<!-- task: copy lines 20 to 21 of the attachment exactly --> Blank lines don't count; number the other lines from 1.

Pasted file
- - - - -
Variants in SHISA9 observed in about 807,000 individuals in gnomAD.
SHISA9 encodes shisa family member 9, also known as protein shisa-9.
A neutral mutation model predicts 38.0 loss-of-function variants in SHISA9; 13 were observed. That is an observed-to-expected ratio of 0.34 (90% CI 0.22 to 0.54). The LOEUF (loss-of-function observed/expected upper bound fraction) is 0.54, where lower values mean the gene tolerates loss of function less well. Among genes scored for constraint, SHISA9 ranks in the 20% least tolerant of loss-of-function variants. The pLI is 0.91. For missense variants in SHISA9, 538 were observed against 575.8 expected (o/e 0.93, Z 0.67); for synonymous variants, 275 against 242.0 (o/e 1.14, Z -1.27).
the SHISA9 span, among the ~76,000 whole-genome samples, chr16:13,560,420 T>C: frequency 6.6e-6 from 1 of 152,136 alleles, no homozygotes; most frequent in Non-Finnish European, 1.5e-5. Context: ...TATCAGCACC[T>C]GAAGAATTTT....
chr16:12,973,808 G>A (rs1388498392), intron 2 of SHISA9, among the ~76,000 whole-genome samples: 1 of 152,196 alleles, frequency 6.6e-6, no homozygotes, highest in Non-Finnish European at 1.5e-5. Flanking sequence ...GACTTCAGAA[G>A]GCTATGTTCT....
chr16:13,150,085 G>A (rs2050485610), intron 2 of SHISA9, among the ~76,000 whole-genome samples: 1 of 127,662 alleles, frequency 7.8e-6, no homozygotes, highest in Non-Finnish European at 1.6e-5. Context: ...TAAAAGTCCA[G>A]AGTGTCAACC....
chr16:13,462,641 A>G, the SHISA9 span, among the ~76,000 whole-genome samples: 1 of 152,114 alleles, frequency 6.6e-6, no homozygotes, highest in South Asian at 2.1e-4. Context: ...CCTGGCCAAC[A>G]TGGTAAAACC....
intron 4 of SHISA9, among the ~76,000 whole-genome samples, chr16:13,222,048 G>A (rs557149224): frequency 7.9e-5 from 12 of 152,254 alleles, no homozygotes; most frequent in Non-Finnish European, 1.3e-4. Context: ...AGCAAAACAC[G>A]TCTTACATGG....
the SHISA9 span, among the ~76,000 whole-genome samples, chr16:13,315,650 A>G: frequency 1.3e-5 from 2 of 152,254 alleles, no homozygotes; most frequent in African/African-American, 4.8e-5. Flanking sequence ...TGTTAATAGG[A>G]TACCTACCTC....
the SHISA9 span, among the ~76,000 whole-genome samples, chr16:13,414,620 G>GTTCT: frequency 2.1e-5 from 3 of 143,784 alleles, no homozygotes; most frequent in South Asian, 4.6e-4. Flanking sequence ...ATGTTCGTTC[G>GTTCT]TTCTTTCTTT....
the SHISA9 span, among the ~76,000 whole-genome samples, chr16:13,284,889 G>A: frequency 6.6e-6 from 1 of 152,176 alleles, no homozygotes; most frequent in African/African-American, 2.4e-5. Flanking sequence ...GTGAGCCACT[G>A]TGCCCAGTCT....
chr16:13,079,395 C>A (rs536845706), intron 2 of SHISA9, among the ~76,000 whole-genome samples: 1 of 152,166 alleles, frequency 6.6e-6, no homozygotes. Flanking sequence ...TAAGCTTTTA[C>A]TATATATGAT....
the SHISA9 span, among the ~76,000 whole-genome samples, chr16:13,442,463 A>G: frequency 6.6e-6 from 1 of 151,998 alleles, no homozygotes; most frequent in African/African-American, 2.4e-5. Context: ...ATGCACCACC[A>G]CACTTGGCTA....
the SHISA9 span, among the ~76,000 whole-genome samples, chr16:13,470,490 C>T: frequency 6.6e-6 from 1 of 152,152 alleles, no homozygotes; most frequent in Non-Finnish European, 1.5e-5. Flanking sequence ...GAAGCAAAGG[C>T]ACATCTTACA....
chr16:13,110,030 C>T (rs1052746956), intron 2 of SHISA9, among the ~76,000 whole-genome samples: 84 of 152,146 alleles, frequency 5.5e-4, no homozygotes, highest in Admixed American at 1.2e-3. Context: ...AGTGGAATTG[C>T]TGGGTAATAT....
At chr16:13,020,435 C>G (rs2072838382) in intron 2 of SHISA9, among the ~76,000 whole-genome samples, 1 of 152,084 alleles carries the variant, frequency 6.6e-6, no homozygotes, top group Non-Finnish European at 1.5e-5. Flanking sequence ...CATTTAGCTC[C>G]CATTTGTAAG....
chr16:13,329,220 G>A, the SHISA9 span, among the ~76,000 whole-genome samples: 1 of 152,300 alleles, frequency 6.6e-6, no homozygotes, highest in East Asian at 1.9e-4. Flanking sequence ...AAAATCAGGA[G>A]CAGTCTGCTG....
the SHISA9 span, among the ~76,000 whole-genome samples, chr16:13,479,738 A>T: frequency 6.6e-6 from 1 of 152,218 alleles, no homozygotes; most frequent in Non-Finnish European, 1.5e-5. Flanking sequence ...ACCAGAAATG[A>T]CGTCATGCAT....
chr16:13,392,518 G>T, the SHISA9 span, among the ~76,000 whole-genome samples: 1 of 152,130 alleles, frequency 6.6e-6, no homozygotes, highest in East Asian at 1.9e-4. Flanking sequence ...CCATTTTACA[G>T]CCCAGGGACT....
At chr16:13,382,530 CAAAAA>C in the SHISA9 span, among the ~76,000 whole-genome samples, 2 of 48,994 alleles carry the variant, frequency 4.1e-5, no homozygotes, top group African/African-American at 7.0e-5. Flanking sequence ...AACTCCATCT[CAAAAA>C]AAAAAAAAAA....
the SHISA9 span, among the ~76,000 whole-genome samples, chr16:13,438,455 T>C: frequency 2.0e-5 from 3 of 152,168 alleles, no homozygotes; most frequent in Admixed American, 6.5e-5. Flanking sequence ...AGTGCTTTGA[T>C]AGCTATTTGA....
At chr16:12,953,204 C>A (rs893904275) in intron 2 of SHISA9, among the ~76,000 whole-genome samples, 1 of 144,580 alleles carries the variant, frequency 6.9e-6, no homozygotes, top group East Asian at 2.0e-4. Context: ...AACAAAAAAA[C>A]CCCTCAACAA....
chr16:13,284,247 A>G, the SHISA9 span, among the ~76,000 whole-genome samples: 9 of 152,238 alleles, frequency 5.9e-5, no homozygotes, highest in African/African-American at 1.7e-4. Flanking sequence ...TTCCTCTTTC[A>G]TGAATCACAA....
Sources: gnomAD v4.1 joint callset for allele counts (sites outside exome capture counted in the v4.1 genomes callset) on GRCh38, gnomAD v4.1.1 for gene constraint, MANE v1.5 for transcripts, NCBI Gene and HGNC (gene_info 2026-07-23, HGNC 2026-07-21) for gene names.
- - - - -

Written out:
At chr16:13,382,530 CAAAAA>C in the SHISA9 span, among the ~76,000 whole-genome samples, 2 of 48,994 alleles carry the variant, frequency 4.1e-5, no homozygotes, top group African/African-American at 7.0e-5. Flanking sequence ...AACTCCATCT[CAAAAA>C]AAAAAAAAAA....
the SHISA9 span, among the ~76,000 whole-genome samples, chr16:13,438,455 T>C: frequency 2.0e-5 from 3 of 152,168 alleles, no homozygotes; most frequent in Admixed American, 6.5e-5. Flanking sequence ...AGTGCTTTGA[T>C]AGCTATTTGA....